Four Things to Consider When Choosing a Research Methodology

February 20, 2015

The news that Apple sold 74.5 million iPhones in Q4 2014 made me wonder whether it was time for me to upgrade my handset (not necessarily to an iPhone as I currently have a Samsung Galaxy S4 and like the Android OS). I remember not too long ago when it seemed like that was something that I needed–or felt I needed–to do every two years.  My current plan still allows for that subsidized option, but after some thought, I concluded that I really have no need for a new handset. The one I have is quite versatile, and it does everything I want it to do in a format that meets my needs. I could upgrade to the latest version which might have an even bigger screen and some additional features, but do I really need it?

Coveting the Latest & Greatest

Some recent conversations with clients about methodologies and paradigms have made it clear to me that market researchers fall victim to this same desire for the latest and greatest. In this case, we’re not switching out handsets but rather methodologies or analytical approaches. Sometimes it appears that the decision of which solution to use to answer a research question has been driven by this desire to try something new rather than simply to answer the business question. In this day and age of more powerful computers and advanced algorithms, it is easy for marketing scientists like me to propose an increasingly advanced solution. But, given the wide array of analytical tools, it is important to make sure the analytics we are proposing are really necessary to answer the business question.

To that end, I think it’s important to understand the following when advising on methodology:

  1. Business Question: My experience has shown that probing on this often uncovers a different or modified question than that which was initially asked. Uncovering this hidden question will likely impact or alter your analytical path.
  2. Role of the Research: Understanding how the results will be used and the decisions that are to be informed can impact which analytics you need. Are your results feeding into a forecast, or do they simply need to be directional in nature?
  3. Budget: Some methodologies will require greater sample sizes or larger analytical budgets than what’s available. As you develop the research plan, you may also discover interests in certain respondent groups (e.g., segments) for which additional budget had not been reserved. Under these circumstances, it is often necessary to revisit the business question to make sure it can still be answered.  Oftentimes the answer is “yes, with a modified approach,” but some of the “nice to have” answers may need to be sacrificed.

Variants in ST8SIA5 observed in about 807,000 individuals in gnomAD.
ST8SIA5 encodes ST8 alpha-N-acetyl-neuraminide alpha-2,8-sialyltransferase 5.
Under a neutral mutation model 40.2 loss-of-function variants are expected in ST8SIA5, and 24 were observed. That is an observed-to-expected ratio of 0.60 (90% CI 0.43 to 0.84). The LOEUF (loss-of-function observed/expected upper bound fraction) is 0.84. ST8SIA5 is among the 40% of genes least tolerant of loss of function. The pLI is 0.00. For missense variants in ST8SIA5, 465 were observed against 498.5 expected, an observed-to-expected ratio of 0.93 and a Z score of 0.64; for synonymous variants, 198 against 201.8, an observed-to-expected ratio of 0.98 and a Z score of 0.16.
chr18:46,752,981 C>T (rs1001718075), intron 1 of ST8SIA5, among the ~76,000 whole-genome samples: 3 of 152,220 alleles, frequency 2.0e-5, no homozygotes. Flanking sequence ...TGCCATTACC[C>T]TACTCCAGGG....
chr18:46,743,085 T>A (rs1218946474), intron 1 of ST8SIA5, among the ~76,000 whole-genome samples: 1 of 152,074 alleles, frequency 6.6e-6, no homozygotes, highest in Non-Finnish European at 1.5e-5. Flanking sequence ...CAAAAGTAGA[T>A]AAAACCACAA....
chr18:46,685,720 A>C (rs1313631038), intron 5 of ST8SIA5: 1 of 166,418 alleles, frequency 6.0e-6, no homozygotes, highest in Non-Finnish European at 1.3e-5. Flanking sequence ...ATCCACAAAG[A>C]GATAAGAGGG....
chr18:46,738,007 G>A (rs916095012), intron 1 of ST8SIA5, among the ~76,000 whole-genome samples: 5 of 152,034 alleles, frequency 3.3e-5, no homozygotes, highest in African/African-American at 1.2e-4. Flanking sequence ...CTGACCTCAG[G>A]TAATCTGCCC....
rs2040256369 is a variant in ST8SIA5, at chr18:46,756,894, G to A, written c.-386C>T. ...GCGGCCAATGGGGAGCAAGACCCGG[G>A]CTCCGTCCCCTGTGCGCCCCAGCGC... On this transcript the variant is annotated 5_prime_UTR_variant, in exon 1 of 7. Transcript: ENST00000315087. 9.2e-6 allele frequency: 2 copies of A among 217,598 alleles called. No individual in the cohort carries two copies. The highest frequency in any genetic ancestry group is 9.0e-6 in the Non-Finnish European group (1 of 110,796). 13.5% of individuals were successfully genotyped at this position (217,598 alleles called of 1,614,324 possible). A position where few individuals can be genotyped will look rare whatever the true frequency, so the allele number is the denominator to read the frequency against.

4. Audience: Understanding the end audience for whom the research is being conducted is important as you consider how you present results. Some will want all the details, and others will simply want a recommendation. Failure to understand this end audience can result in the most eloquent of analyses failing to hit the mark.

As you consider different approaches for your future research projects, I hope these thoughts help you decide whether that new analytical “handset” is truly necessary to meet your needs. Let me know your thoughts: ray.reno@escalent.co.

Ray Reno, Ph.D.
Senior Vice President, Marketing Sciences

Ray Reno is a senior vice president and senior marketing scientist in our Marketing Sciences Group. He is recognized as a creative problem-solver with extensive training in analytics and methodology, as well as a keen understanding of the consumer and brand issues businesses face. Ray specializes in the design of consumer segmentations and market frameworks, assessment of the differentiation of brand equities and the identification and quantification of potential brand value propositions. Ray earned a Ph.D. and master's degree in social psychology from Arizona State University as well as a bachelor's degree in psychology and English from Adrian College. When not analyzing market research, Ray can be found digging through genealogical data related to his ancestry.

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